In previous research work, chemists demonstrated that one of the most promising compounds as an acceptor (attracting electrons) part in push-pull systems is the pyrazine ring (another name is 1,4-diazine), a compound of nitrogen, hydrogen and carbon that has a significant electron-accepting effect.

A revolutionary method to observe cell transport

Nanobodies (grey) with magnetic probes (red stars) target the desired membrane protein.
Credit: Bordignon, Enrica

Membrane proteins are key targets for many drugs. They are located between the outside and inside of our cells. Some of them, called ‘‘transporters’’, move certain substances in and out of the cellular environment. Yet, extracting and storing them for observation is particularly complex. A team from the University of Geneva (UNIGE), in collaboration with the University of Zurich (UZH), has developed an innovative method to study their structure in their native environment: the cell. The technique is based on electron spin resonance spectroscopy. These results, just published in the journal Science Advances, may facilitate future development of new drugs.

In living organisms, each cell is surrounded by a cell membrane (or ‘‘cytoplasmic membrane’’). This membrane consists of a double layer of lipids. It separates the contents of the cell from its direct environment and regulates the substances that can enter or leave the cell. The proteins attached to this membrane are called ‘‘membrane proteins’’.

Located at the interface between the outside and inside of the cell, they carry various substances across the membrane - into or out of the cell - and play a crucial role in cell signaling, i.e. in the communication system of cells that allows them to coordinate their metabolic processes, development and organization. As a result, membrane proteins represent more than 60% of current drug targets.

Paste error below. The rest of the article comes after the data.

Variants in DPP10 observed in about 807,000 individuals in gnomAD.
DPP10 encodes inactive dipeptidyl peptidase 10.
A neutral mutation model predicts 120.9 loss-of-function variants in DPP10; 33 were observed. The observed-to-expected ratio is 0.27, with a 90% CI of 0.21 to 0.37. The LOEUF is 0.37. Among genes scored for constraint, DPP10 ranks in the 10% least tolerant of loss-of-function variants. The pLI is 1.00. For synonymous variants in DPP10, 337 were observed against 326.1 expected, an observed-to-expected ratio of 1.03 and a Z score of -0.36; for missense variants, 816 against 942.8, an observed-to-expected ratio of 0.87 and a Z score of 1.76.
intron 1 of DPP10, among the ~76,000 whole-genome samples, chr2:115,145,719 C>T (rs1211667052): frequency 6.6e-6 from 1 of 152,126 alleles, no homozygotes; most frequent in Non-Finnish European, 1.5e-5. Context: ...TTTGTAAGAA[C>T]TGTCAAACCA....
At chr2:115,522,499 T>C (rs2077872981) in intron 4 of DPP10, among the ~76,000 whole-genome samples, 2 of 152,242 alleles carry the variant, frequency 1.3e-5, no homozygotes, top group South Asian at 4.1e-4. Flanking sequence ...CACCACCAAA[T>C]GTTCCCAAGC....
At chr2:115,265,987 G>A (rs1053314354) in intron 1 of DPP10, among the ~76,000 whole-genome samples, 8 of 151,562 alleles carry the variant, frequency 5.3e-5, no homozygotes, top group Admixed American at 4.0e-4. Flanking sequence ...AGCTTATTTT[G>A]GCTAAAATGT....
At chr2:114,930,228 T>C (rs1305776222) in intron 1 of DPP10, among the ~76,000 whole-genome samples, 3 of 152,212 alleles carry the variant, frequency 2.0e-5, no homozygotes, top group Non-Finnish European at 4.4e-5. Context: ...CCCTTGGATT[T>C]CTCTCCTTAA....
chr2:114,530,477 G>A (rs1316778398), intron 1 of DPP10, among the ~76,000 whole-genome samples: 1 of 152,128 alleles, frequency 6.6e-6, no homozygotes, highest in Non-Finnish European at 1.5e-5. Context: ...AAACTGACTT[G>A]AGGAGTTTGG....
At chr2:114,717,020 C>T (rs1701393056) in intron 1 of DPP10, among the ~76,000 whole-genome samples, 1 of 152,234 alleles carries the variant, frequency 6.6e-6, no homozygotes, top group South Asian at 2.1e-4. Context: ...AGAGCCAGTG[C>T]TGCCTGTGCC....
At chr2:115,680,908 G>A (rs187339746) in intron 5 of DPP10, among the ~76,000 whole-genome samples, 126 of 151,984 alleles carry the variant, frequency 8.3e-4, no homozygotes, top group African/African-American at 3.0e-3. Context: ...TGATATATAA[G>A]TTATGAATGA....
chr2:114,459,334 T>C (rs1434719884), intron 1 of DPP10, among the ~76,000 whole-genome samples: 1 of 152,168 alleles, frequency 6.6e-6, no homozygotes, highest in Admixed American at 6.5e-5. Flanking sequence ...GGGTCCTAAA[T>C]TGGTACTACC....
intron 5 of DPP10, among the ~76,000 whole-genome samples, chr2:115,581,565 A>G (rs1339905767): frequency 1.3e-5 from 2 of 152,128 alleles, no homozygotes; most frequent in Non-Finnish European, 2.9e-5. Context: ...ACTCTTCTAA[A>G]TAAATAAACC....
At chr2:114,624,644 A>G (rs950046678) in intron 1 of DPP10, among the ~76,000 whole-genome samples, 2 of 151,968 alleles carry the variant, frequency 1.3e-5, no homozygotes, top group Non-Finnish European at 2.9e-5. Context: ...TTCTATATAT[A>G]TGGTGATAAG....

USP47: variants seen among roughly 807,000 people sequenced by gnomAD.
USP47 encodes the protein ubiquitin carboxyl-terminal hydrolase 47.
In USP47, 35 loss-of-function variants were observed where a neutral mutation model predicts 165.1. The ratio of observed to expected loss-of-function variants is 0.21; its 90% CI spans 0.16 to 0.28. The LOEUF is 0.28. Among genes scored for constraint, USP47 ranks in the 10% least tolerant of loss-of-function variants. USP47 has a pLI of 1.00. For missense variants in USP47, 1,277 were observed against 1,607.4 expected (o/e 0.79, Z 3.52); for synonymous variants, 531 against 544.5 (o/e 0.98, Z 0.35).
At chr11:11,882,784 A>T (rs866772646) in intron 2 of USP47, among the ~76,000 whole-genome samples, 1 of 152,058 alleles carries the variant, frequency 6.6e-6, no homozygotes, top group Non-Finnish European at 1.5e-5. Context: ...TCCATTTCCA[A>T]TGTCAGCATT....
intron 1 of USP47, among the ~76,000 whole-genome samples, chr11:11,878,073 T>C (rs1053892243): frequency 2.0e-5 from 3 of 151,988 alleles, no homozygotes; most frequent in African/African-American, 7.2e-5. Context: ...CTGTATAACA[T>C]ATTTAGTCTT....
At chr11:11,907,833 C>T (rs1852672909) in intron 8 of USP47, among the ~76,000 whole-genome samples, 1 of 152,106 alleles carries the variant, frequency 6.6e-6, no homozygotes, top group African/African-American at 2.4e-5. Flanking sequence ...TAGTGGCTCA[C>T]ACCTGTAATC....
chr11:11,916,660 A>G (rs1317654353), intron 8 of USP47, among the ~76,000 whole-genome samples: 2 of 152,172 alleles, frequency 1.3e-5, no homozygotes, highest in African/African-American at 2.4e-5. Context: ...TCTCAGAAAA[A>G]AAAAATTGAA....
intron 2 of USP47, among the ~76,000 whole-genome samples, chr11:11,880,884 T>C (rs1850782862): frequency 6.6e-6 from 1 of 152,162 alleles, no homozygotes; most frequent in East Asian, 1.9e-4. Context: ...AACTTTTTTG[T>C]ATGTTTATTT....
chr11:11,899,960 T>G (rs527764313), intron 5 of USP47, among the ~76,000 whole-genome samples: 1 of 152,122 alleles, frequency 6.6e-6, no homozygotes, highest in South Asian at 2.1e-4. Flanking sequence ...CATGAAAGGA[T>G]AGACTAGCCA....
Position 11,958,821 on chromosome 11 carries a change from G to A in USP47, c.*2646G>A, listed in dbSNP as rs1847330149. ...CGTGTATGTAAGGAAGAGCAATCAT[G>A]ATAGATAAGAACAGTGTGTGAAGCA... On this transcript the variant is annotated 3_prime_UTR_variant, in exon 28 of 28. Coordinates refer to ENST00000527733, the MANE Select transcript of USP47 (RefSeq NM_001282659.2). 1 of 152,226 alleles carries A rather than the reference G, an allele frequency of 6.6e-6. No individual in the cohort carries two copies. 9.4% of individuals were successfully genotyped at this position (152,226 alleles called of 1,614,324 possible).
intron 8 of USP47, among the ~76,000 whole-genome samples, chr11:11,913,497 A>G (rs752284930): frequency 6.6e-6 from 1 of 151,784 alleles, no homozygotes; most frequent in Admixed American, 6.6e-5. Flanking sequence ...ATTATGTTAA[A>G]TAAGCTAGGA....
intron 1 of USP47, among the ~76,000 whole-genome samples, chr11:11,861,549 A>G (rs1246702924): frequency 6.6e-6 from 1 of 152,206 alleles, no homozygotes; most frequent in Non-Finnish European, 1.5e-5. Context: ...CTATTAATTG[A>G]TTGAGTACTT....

Using Carbon-Carbon Clumping to Detect the Signature of Biotic Hydrocarbons

The mystery of the origin of hydrocarbons found in extraterrestrial environment may finally be resolved, thanks to a technique developed by researchers at Tokyo Tech based on a 13C-13C abundance analysis. By measuring the abundance of clumped 13C-13C isotope in the hydrocarbons, it can be inferred if a hydrocarbon was produced via biological processes. This could open doors to distinguishing such hydrocarbons from abiotic ones, aiding our search for extra-terrestrial life.

An important signature of life is the existence of organic molecules that have originated from biological processes. The most common organic molecule found in all life forms are hydrocarbons. However, they need not be of biotic origin, i.e., produced from thermal decomposition of sedimentary organic matter or microbes. So, while hydrocarbons have been found in several places outside Earth, they are not necessarily indicative of extra-terrestrial life. These hydrocarbons could well have formed from abiotic, or non-biological processes. Therefore, finding out whether a hydrocarbon is of biotic or abiotic origin is key to inferring the existence of life. Unfortunately, this has proved to be a tremendously challenging task so far.

How heart failure disrupts the cell’s powerhouse

From left: Shingo Takada, Hokkaido University and Hokusho University; Shintaro Kinugawa, Kyushu University; and Hisataka Sabe, Hokkaido University
Photos credits: Shingo Takada, Shintaro Kinugawa, Hisataka Sabe

Chronic heart failure causes the cell’s powerhouses to dysfunction, in part due to overconsumption of an important intermediary compound in energy production. Supplementing the diet to compensate for this could prove a promising strategy for treating heart failure. The findings were published in the journal PNAS by Hokkaido University scientists and colleagues in Japan.

Mitochondria are small organelles found in almost every cell and are responsible for converting carbohydrates, fats and proteins into energy to power biochemical reactions. Chronic heart failure is known to be associated with mitochondrial dysfunction, but much is still unknown about how this happens at the molecular level.

A research team consisting of molecular biologist Hisataka Sabe (Hokkaido University), cardiovascular medicine specialists Shingo Takada (Hokkaido University and Hokusho University) and Shintaro Kinugawa (Kyushu University) and their colleagues studied the biochemical processes that occur in mice with chronic heart failure caused by surgically blocking part of the blood supply to their hearts. They specifically looked at heart cells outside the boundaries of dead tissue.